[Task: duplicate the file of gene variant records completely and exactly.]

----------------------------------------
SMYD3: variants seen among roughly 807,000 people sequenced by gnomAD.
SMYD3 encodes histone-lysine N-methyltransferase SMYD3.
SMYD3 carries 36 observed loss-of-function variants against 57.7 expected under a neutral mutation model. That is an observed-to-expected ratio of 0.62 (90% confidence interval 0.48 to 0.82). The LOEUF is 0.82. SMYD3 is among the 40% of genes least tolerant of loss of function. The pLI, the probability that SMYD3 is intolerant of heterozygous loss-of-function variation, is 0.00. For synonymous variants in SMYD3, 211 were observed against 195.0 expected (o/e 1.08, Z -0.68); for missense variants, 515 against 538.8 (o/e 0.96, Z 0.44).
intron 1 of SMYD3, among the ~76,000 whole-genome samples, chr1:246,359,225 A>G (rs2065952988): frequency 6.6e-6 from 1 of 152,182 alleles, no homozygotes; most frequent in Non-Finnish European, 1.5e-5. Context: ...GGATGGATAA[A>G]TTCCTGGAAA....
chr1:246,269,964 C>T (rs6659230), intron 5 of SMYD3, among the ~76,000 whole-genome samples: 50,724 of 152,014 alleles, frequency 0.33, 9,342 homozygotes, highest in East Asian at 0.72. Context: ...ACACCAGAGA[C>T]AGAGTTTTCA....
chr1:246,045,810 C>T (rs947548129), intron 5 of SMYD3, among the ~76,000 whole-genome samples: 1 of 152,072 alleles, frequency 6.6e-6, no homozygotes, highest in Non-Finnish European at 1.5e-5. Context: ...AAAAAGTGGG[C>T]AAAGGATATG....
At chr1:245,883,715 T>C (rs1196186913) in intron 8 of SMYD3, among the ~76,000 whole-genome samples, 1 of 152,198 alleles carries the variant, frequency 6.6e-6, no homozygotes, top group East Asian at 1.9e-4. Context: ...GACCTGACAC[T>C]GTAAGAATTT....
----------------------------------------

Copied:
SMYD3: variants seen among roughly 807,000 people sequenced by gnomAD.
SMYD3 encodes histone-lysine N-methyltransferase SMYD3.
SMYD3 carries 36 observed loss-of-function variants against 57.7 expected under a neutral mutation model. That is an observed-to-expected ratio of 0.62 (90% confidence interval 0.48 to 0.82). The LOEUF is 0.82. SMYD3 is among the 40% of genes least tolerant of loss of function. The pLI, the probability that SMYD3 is intolerant of heterozygous loss-of-function variation, is 0.00. For synonymous variants in SMYD3, 211 were observed against 195.0 expected (o/e 1.08, Z -0.68); for missense variants, 515 against 538.8 (o/e 0.96, Z 0.44).
intron 1 of SMYD3, among the ~76,000 whole-genome samples, chr1:246,359,225 A>G (rs2065952988): frequency 6.6e-6 from 1 of 152,182 alleles, no homozygotes; most frequent in Non-Finnish European, 1.5e-5. Context: ...GGATGGATAA[A>G]TTCCTGGAAA....
chr1:246,269,964 C>T (rs6659230), intron 5 of SMYD3, among the ~76,000 whole-genome samples: 50,724 of 152,014 alleles, frequency 0.33, 9,342 homozygotes, highest in East Asian at 0.72. Context: ...ACACCAGAGA[C>T]AGAGTTTTCA....
chr1:246,045,810 C>T (rs947548129), intron 5 of SMYD3, among the ~76,000 whole-genome samples: 1 of 152,072 alleles, frequency 6.6e-6, no homozygotes, highest in Non-Finnish European at 1.5e-5. Context: ...AAAAAGTGGG[C>T]AAAGGATATG....
At chr1:245,883,715 T>C (rs1196186913) in intron 8 of SMYD3, among the ~76,000 whole-genome samples, 1 of 152,198 alleles carries the variant, frequency 6.6e-6, no homozygotes, top group East Asian at 1.9e-4. Context: ...GACCTGACAC[T>C]GTAAGAATTT....